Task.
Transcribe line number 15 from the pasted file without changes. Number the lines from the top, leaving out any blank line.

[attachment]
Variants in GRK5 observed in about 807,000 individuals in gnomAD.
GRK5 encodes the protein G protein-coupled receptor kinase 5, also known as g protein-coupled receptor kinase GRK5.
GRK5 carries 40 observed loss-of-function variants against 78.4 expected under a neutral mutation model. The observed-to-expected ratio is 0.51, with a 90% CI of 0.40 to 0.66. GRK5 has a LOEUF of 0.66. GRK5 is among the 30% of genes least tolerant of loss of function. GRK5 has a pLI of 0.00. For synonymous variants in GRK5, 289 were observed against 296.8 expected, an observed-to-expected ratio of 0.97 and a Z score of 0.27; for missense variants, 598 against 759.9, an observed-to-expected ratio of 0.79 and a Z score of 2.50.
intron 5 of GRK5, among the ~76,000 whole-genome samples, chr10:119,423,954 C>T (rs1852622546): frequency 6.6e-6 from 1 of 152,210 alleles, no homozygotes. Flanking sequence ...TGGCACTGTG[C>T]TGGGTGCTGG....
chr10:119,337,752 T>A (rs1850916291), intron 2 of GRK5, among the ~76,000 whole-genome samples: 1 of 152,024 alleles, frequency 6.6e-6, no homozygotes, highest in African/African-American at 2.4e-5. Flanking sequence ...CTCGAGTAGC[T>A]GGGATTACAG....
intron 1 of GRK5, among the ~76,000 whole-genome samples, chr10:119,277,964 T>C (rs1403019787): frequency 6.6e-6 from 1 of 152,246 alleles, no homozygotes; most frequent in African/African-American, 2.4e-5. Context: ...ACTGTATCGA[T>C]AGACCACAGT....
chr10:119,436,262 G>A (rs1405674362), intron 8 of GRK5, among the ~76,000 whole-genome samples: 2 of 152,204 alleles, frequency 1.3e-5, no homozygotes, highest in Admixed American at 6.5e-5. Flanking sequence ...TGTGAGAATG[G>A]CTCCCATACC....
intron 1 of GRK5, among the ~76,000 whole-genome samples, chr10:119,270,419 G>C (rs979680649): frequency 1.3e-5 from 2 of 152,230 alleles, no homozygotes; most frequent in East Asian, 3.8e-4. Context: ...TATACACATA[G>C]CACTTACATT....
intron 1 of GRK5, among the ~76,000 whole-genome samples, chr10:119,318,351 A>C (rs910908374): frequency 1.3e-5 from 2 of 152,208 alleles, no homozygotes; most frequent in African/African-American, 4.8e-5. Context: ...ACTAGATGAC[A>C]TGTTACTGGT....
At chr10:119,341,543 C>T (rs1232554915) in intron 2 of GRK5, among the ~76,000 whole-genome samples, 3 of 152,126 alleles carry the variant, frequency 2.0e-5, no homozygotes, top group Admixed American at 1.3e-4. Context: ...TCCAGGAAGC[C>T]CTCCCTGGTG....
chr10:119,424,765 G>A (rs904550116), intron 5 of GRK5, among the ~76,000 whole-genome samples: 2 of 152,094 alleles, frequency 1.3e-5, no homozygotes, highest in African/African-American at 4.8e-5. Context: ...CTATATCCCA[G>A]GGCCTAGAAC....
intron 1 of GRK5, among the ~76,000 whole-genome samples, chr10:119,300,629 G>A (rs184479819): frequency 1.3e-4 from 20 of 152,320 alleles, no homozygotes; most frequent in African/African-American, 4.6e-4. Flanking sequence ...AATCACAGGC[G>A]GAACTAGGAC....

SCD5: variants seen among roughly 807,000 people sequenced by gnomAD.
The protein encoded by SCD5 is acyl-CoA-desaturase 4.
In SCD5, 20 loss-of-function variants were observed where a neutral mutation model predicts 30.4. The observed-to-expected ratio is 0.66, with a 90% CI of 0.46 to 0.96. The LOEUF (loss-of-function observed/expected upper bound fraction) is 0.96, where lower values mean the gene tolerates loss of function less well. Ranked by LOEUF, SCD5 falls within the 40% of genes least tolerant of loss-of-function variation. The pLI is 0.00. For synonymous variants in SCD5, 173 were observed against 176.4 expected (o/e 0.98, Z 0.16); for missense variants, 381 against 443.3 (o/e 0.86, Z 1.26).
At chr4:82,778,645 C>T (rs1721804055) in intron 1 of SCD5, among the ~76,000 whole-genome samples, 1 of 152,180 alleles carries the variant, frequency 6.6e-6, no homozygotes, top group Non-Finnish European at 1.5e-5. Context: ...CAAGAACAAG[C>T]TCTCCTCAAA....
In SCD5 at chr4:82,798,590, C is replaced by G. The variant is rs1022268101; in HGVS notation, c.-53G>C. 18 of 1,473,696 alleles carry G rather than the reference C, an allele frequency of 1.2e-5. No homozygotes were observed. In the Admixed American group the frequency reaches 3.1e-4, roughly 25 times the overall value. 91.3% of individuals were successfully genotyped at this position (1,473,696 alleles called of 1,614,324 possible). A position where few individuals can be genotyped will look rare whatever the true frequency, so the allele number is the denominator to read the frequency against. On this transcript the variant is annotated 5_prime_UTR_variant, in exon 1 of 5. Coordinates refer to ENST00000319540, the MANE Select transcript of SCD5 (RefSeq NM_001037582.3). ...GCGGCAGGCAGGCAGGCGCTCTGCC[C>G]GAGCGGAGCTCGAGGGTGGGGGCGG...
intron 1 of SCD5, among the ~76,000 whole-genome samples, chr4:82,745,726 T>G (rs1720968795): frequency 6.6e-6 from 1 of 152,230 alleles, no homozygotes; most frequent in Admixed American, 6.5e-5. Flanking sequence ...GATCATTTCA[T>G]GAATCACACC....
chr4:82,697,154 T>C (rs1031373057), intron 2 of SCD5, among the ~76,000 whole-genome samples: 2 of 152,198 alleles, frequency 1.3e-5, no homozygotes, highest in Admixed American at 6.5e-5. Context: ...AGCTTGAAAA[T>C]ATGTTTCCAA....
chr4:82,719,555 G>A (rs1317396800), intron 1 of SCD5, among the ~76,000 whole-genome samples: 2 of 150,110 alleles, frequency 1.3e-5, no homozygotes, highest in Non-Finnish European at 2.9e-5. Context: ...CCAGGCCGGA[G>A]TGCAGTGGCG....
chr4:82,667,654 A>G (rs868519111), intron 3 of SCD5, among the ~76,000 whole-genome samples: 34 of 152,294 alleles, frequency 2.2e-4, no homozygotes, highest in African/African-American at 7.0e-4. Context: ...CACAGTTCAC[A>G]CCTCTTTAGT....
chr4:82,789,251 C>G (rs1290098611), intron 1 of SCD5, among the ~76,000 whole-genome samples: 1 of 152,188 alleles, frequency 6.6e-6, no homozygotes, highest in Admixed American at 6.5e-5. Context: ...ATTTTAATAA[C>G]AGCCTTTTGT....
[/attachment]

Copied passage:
In SCD5, 20 loss-of-function variants were observed where a neutral mutation model predicts 30.4. The observed-to-expected ratio is 0.66, with a 90% CI of 0.46 to 0.96. The LOEUF (loss-of-function observed/expected upper bound fraction) is 0.96, where lower values mean the gene tolerates loss of function less well. Ranked by LOEUF, SCD5 falls within the 40% of genes least tolerant of loss-of-function variation. The pLI is 0.00. For synonymous variants in SCD5, 173 were observed against 176.4 expected (o/e 0.98, Z 0.16); for missense variants, 381 against 443.3 (o/e 0.86, Z 1.26).